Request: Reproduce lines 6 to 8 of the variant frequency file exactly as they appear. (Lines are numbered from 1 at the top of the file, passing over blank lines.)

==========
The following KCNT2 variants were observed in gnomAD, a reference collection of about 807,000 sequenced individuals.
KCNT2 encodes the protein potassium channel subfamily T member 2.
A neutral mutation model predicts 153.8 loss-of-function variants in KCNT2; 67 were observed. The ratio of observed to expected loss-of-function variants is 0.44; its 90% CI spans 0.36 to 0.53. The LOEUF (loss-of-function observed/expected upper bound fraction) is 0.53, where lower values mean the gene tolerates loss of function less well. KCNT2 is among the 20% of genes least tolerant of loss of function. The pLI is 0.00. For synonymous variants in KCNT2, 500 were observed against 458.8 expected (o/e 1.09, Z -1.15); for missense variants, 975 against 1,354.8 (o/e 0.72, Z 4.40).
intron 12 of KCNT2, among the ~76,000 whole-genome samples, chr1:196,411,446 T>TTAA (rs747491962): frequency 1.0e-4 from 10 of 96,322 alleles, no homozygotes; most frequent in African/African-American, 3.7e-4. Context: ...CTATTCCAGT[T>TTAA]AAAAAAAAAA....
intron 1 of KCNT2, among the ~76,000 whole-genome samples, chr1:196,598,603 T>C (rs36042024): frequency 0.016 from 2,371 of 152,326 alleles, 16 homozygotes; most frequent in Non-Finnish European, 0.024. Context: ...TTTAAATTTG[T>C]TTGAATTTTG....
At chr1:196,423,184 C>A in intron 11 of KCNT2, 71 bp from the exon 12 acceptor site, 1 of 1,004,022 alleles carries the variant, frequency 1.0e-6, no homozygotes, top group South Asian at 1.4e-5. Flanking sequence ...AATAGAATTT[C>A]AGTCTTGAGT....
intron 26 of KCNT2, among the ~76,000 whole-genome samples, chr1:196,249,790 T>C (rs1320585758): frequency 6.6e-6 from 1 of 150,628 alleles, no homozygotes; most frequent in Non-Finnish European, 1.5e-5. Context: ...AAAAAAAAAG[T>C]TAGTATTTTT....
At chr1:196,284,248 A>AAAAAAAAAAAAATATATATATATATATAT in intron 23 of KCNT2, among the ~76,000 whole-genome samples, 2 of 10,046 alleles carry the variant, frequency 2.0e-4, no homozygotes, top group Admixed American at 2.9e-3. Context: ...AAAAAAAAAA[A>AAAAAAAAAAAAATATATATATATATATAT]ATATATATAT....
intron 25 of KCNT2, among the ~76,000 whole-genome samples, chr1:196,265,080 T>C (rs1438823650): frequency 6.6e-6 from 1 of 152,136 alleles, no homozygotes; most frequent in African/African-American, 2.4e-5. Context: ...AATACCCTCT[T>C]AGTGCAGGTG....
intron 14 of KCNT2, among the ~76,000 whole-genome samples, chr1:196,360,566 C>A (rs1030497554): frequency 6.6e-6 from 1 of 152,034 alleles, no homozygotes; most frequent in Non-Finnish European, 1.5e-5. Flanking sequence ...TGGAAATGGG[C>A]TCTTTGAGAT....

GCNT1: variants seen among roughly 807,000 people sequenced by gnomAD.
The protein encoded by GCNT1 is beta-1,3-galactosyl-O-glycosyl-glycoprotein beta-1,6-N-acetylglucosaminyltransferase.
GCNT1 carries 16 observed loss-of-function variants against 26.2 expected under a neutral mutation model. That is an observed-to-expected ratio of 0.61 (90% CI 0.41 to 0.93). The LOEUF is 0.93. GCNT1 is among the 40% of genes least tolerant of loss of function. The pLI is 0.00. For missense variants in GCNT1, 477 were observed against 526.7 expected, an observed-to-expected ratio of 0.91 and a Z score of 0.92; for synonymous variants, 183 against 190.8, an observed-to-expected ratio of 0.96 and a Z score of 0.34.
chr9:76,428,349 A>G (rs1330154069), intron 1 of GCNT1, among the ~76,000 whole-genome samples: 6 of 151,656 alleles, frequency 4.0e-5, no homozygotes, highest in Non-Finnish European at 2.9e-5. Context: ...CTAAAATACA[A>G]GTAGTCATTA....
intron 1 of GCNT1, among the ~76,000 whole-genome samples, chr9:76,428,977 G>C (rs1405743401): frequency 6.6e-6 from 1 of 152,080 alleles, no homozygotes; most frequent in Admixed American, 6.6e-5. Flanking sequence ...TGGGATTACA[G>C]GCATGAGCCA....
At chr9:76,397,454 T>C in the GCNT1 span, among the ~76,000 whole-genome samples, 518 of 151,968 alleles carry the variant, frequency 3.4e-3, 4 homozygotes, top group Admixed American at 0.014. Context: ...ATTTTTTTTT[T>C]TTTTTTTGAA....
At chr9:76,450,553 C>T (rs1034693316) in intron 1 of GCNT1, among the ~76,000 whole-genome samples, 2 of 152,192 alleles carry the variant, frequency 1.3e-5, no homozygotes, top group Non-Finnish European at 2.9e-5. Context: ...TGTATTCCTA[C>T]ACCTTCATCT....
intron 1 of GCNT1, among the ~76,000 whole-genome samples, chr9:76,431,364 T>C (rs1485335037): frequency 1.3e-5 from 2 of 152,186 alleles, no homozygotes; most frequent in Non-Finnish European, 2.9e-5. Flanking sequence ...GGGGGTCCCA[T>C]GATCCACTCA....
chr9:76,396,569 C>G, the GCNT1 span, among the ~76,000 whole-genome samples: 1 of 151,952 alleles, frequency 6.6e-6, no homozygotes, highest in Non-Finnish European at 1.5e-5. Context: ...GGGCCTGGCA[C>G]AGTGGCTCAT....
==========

At chr1:196,423,184 C>A in intron 11 of KCNT2, 71 bp from the exon 12 acceptor site, 1 of 1,004,022 alleles carries the variant, frequency 1.0e-6, no homozygotes, top group South Asian at 1.4e-5. Flanking sequence ...AATAGAATTT[C>A]AGTCTTGAGT....
intron 26 of KCNT2, among the ~76,000 whole-genome samples, chr1:196,249,790 T>C (rs1320585758): frequency 6.6e-6 from 1 of 150,628 alleles, no homozygotes; most frequent in Non-Finnish European, 1.5e-5. Context: ...AAAAAAAAAG[T>C]TAGTATTTTT....
At chr1:196,284,248 A>AAAAAAAAAAAAATATATATATATATATAT in intron 23 of KCNT2, among the ~76,000 whole-genome samples, 2 of 10,046 alleles carry the variant, frequency 2.0e-4, no homozygotes, top group Admixed American at 2.9e-3. Context: ...AAAAAAAAAA[A>AAAAAAAAAAAAATATATATATATATATAT]ATATATATAT....